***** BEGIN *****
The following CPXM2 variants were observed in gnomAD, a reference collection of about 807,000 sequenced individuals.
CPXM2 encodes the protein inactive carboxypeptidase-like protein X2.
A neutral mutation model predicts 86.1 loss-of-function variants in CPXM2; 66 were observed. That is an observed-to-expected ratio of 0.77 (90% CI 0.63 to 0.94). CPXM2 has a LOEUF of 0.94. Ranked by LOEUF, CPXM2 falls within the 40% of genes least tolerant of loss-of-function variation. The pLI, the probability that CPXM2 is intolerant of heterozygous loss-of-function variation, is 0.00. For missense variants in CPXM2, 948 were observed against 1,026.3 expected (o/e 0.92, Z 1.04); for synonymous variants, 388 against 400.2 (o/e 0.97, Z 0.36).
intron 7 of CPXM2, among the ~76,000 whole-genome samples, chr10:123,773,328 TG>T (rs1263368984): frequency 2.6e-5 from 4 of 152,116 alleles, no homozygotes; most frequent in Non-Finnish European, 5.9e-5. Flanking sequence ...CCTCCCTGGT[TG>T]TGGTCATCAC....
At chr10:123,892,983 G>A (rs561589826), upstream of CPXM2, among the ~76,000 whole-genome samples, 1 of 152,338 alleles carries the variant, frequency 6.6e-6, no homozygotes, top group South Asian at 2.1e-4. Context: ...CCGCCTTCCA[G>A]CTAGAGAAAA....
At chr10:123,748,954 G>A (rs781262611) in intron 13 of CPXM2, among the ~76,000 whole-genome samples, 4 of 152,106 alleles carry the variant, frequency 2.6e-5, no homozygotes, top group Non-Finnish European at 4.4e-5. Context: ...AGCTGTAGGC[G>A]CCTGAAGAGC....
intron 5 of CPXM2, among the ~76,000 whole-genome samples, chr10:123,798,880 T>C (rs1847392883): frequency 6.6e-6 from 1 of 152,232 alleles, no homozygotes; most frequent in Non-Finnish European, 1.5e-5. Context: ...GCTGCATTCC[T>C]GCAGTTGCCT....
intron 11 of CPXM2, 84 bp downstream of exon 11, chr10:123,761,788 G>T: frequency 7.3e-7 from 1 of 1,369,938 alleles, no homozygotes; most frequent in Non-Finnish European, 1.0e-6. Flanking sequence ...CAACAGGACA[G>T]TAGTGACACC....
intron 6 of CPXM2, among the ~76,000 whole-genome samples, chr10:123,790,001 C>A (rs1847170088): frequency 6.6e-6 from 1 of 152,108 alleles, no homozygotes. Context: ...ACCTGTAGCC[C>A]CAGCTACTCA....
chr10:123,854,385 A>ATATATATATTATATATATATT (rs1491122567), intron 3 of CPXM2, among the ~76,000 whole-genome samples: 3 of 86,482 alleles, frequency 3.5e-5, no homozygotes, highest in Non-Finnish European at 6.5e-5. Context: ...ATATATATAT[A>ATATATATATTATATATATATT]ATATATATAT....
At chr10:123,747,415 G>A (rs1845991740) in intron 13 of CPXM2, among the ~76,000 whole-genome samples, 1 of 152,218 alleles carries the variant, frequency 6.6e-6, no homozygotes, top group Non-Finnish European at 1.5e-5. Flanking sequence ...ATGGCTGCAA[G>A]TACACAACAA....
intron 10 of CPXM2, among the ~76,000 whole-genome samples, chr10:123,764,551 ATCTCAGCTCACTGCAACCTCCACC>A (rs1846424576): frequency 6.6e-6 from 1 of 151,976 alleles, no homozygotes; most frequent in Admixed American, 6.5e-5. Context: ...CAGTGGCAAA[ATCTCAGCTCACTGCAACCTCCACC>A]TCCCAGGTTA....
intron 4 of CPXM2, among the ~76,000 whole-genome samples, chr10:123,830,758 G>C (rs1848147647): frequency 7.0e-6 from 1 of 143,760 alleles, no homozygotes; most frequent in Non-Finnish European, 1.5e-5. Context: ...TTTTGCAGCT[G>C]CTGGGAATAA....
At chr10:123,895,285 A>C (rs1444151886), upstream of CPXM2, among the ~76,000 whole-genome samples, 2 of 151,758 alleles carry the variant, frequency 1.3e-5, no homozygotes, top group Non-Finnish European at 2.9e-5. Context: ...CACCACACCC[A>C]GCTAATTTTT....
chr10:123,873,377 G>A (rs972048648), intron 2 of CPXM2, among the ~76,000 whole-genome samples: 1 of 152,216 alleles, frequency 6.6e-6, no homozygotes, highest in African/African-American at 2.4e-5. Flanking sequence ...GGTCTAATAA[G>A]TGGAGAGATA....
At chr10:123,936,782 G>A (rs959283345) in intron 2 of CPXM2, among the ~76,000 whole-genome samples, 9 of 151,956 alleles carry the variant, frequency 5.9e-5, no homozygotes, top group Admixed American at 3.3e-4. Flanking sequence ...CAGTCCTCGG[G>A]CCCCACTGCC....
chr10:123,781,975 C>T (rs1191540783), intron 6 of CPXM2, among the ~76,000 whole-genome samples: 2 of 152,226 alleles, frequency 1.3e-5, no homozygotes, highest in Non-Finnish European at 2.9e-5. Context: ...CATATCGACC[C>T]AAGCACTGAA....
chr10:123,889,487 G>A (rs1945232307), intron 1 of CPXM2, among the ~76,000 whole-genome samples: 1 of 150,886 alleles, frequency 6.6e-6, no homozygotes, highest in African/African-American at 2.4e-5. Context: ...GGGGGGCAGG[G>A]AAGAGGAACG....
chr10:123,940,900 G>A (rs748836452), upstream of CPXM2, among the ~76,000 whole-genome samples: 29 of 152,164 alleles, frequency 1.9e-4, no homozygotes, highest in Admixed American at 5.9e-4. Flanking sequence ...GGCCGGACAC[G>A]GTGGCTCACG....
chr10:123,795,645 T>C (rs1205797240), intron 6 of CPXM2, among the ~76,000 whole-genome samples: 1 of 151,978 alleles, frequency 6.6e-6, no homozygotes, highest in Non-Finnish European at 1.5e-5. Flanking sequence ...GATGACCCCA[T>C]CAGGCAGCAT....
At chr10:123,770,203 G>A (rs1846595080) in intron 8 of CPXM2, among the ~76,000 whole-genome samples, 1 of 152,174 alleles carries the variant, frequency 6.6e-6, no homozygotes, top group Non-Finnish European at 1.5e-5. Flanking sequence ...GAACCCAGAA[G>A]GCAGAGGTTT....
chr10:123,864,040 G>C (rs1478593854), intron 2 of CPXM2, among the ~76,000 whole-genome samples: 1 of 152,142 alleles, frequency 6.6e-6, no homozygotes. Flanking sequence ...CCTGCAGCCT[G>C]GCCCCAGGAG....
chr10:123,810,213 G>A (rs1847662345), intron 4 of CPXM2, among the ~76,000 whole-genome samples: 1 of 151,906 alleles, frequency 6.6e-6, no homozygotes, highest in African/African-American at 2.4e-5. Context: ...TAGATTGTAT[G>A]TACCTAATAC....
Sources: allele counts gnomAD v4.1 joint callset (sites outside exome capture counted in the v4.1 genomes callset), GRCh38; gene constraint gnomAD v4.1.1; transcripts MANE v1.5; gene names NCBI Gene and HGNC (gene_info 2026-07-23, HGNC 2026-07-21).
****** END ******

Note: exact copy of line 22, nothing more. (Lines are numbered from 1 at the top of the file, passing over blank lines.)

chr10:123,864,040 G>C (rs1478593854), intron 2 of CPXM2, among the ~76,000 whole-genome samples: 1 of 152,142 alleles, frequency 6.6e-6, no homozygotes. Flanking sequence ...CCTGCAGCCT[G>C]GCCCCAGGAG....